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Record numbers of youth reach U.S. southern border

Unaccompanied migrants, ages 3 to 9, at the U.S. Customs and Border Protection facility in Donna, Texas Associated Press/Photo by Dario Lopez-Mills (file)

Record numbers of youth reach U.S. southern border

Between December 2020 and February 2021, U.S. Customs and Border Protection saw an 89 percent increase in unaccompanied minors crossing from Mexico, according to a recent report from two court-appointed monitors. In March, Border Patrol agents encountered 18,663 unaccompanied children—significantly more than the previous record of 11,475 in May 2019 and more than five times the number from March 2020. A November hurricane in Central America likely drove many families from their homes, and President Joe Biden’s immigration policy changes—both real and rumored—are drawing more people to the border.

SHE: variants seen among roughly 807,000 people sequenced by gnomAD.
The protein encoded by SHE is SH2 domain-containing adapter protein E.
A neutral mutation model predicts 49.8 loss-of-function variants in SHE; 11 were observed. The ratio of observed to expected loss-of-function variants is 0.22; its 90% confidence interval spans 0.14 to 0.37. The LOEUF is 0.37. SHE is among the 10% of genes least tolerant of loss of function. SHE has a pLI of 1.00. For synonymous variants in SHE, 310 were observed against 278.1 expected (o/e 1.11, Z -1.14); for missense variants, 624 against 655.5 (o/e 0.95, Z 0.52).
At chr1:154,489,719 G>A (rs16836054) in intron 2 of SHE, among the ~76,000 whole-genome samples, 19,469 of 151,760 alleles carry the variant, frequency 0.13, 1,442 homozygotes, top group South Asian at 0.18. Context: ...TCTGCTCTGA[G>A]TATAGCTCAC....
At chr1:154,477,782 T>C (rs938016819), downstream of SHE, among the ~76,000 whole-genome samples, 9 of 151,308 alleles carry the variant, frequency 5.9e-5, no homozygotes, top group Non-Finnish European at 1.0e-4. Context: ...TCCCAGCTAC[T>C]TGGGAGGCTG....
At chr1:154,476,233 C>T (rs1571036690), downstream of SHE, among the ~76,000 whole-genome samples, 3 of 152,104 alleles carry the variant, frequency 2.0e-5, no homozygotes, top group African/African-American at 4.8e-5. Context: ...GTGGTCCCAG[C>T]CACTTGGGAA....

What happens to the children when they arrive? Under pandemic protocols, the Biden administration continues to expel migrants who cross the border, but it is allowing unaccompanied minors and families with children age 6 and younger to pursue asylum in the United States. This has led some parents to send their children across the border alone, where they stay in overcrowded detention centers before moving in with sponsors or foster families.

Dig deeper: Read Sophia Lee’s report in WORLD Magazine on the situation at the border.

Charissa Koh

Charissa is a WORLD reporter who often writes about poverty-fighting and criminal justice. She resides with her family in Atlanta.


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